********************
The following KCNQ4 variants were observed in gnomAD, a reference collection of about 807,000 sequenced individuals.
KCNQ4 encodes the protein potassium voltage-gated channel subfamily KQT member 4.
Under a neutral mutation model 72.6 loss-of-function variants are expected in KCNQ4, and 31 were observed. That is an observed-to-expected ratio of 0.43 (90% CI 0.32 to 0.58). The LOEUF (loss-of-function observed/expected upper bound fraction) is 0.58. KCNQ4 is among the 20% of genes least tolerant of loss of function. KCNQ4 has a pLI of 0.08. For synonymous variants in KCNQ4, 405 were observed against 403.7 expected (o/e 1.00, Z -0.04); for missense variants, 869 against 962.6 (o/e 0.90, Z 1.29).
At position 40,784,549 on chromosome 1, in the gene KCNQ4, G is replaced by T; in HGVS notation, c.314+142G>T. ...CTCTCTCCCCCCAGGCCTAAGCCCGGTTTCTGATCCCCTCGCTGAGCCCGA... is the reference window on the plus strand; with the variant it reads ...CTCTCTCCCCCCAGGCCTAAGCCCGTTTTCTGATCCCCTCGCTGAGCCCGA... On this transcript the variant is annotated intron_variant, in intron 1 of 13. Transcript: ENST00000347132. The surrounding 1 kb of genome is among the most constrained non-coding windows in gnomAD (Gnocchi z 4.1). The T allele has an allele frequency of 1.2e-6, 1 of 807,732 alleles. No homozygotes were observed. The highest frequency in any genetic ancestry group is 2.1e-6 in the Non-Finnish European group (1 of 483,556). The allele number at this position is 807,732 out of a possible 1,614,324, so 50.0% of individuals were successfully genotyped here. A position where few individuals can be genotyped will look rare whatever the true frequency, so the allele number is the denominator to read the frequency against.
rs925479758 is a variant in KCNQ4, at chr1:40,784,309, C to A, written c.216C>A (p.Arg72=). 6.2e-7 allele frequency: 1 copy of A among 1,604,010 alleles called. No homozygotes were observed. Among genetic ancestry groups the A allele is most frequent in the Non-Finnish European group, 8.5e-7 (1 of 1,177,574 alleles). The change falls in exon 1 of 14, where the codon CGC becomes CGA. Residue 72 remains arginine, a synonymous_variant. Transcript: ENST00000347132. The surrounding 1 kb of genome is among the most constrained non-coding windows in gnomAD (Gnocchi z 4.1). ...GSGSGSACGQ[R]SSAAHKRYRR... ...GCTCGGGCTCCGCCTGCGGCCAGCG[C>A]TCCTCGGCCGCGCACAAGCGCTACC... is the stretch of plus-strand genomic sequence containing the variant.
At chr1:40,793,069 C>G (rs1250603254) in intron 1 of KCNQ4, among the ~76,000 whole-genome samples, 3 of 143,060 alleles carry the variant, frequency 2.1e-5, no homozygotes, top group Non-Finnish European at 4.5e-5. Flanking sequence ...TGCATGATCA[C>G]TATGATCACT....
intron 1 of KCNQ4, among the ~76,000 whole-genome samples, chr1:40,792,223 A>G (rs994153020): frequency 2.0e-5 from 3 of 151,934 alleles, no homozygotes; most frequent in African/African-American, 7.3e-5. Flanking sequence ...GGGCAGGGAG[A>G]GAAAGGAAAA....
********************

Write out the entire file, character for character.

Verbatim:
The following KCNQ4 variants were observed in gnomAD, a reference collection of about 807,000 sequenced individuals.
KCNQ4 encodes the protein potassium voltage-gated channel subfamily KQT member 4.
Under a neutral mutation model 72.6 loss-of-function variants are expected in KCNQ4, and 31 were observed. That is an observed-to-expected ratio of 0.43 (90% CI 0.32 to 0.58). The LOEUF (loss-of-function observed/expected upper bound fraction) is 0.58. KCNQ4 is among the 20% of genes least tolerant of loss of function. KCNQ4 has a pLI of 0.08. For synonymous variants in KCNQ4, 405 were observed against 403.7 expected (o/e 1.00, Z -0.04); for missense variants, 869 against 962.6 (o/e 0.90, Z 1.29).
At position 40,784,549 on chromosome 1, in the gene KCNQ4, G is replaced by T; in HGVS notation, c.314+142G>T. ...CTCTCTCCCCCCAGGCCTAAGCCCGGTTTCTGATCCCCTCGCTGAGCCCGA... is the reference window on the plus strand; with the variant it reads ...CTCTCTCCCCCCAGGCCTAAGCCCGTTTTCTGATCCCCTCGCTGAGCCCGA... On this transcript the variant is annotated intron_variant, in intron 1 of 13. Transcript: ENST00000347132. The surrounding 1 kb of genome is among the most constrained non-coding windows in gnomAD (Gnocchi z 4.1). The T allele has an allele frequency of 1.2e-6, 1 of 807,732 alleles. No homozygotes were observed. The highest frequency in any genetic ancestry group is 2.1e-6 in the Non-Finnish European group (1 of 483,556). The allele number at this position is 807,732 out of a possible 1,614,324, so 50.0% of individuals were successfully genotyped here. A position where few individuals can be genotyped will look rare whatever the true frequency, so the allele number is the denominator to read the frequency against.
rs925479758 is a variant in KCNQ4, at chr1:40,784,309, C to A, written c.216C>A (p.Arg72=). 6.2e-7 allele frequency: 1 copy of A among 1,604,010 alleles called. No homozygotes were observed. Among genetic ancestry groups the A allele is most frequent in the Non-Finnish European group, 8.5e-7 (1 of 1,177,574 alleles). The change falls in exon 1 of 14, where the codon CGC becomes CGA. Residue 72 remains arginine, a synonymous_variant. Transcript: ENST00000347132. The surrounding 1 kb of genome is among the most constrained non-coding windows in gnomAD (Gnocchi z 4.1). ...GSGSGSACGQ[R]SSAAHKRYRR... ...GCTCGGGCTCCGCCTGCGGCCAGCG[C>A]TCCTCGGCCGCGCACAAGCGCTACC... is the stretch of plus-strand genomic sequence containing the variant.
At chr1:40,793,069 C>G (rs1250603254) in intron 1 of KCNQ4, among the ~76,000 whole-genome samples, 3 of 143,060 alleles carry the variant, frequency 2.1e-5, no homozygotes, top group Non-Finnish European at 4.5e-5. Flanking sequence ...TGCATGATCA[C>G]TATGATCACT....
intron 1 of KCNQ4, among the ~76,000 whole-genome samples, chr1:40,792,223 A>G (rs994153020): frequency 2.0e-5 from 3 of 151,934 alleles, no homozygotes; most frequent in African/African-American, 7.3e-5. Flanking sequence ...GGGCAGGGAG[A>G]GAAAGGAAAA....